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      Outcome of acute fulminant myocarditis in children.

      Heart

      Acute Disease, Child, Child, Preschool, Echocardiography, Female, Follow-Up Studies, Heart Failure, etiology, ultrasonography, Hospitalization, Humans, Infant, Infant, Newborn, Male, Myocarditis, diagnosis, mortality, therapy, Virus Diseases, virology, Prognosis, Retrospective Studies, Ventricular Dysfunction, Left

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          Abstract

          To highlight clinical features and outcome of acute fulminant myocarditis (AFM) in children. Diagnostic criteria were (1) the presence of severe and acute heart failure; (2) left ventricular dysfunction on echocardiography; (3) recent history of viral illness; and (4) no history of cardiomyopathy. Eleven children were included between 1998 and 2003, at a median age of 1 (0 to 9) year. Their mean left ventricular ejection fraction (LVEF) was 22 (SD 9)% at presentation. A virus was identified in five patients: human parvovirus B19 (n = 2), Epstein-Barr (n = 1), varicella zoster (n = 1), and coxsackie (n = 1). The median intensive care unit course was 13 (2-34) days. Intravenous inotropic support was required by nine patients and eight were mechanically ventilated. All patients received corticosteroid, associated with intravenous immunoglobulin in seven. Five patients experienced cardiocirculatory arrest that was successfully resuscitated in four. At a median follow up of 58.7 (33.8-83.1) months, the 10 survivors are asymptomatic with normalised LVEF. Despite a severe presentation, the outcome of AFM is favourable. Aggressive symptomatic management is warranted and heart transplantation should be considered only when maximal supportive therapy does not lead to improvement.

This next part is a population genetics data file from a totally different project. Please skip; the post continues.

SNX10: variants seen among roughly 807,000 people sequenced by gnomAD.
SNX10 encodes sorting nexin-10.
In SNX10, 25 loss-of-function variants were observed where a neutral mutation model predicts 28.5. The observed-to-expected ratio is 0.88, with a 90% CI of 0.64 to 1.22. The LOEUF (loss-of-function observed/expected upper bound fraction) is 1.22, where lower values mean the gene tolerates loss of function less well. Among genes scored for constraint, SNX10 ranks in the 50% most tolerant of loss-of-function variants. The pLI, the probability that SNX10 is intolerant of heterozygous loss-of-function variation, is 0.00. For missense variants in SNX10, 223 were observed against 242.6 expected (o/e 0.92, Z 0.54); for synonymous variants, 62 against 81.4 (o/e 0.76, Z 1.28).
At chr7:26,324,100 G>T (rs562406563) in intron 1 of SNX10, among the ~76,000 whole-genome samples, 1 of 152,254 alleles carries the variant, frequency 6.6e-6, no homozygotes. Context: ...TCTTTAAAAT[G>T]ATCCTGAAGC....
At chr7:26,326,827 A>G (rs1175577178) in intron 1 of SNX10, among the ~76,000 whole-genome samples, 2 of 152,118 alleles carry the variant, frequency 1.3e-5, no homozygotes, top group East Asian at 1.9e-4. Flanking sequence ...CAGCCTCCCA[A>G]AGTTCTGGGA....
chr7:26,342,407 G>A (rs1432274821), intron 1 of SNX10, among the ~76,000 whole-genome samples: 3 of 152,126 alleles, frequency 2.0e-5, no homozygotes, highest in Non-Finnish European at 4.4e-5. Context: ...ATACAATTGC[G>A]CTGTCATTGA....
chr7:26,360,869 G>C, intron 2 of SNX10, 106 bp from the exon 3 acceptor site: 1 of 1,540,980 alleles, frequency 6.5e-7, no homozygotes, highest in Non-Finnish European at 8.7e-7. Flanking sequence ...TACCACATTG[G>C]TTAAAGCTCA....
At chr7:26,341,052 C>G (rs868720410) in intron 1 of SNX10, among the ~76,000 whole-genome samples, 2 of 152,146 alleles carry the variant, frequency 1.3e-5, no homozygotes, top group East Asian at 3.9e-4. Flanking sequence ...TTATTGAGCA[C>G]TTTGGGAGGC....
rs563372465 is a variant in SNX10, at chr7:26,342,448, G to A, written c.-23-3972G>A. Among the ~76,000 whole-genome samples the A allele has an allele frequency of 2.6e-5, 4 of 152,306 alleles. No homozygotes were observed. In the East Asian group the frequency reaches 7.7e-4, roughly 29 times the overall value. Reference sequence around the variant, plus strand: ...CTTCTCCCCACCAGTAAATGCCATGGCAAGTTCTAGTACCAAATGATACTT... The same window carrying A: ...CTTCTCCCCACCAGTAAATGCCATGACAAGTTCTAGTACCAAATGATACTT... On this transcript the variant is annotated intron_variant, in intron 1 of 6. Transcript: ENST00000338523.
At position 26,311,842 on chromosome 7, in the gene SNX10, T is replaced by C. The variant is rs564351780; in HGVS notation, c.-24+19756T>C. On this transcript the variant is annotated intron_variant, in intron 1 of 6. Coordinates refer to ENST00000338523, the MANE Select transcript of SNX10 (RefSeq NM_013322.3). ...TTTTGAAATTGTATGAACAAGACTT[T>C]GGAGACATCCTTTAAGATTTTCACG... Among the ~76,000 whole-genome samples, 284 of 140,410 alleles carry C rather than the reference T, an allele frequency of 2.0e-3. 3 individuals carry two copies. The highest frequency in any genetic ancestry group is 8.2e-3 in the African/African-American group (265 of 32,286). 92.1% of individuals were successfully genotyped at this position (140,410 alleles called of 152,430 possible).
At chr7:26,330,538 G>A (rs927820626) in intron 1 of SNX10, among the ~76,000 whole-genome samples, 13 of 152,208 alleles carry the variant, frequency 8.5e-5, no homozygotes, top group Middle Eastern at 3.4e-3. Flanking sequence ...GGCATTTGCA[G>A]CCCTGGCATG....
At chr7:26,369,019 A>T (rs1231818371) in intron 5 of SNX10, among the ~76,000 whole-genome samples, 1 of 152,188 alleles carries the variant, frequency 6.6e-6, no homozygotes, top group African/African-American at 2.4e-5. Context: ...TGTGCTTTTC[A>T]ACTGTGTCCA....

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          Author and article information

          Journal
          16449512
          1861180
          10.1136/hrt.2005.078402

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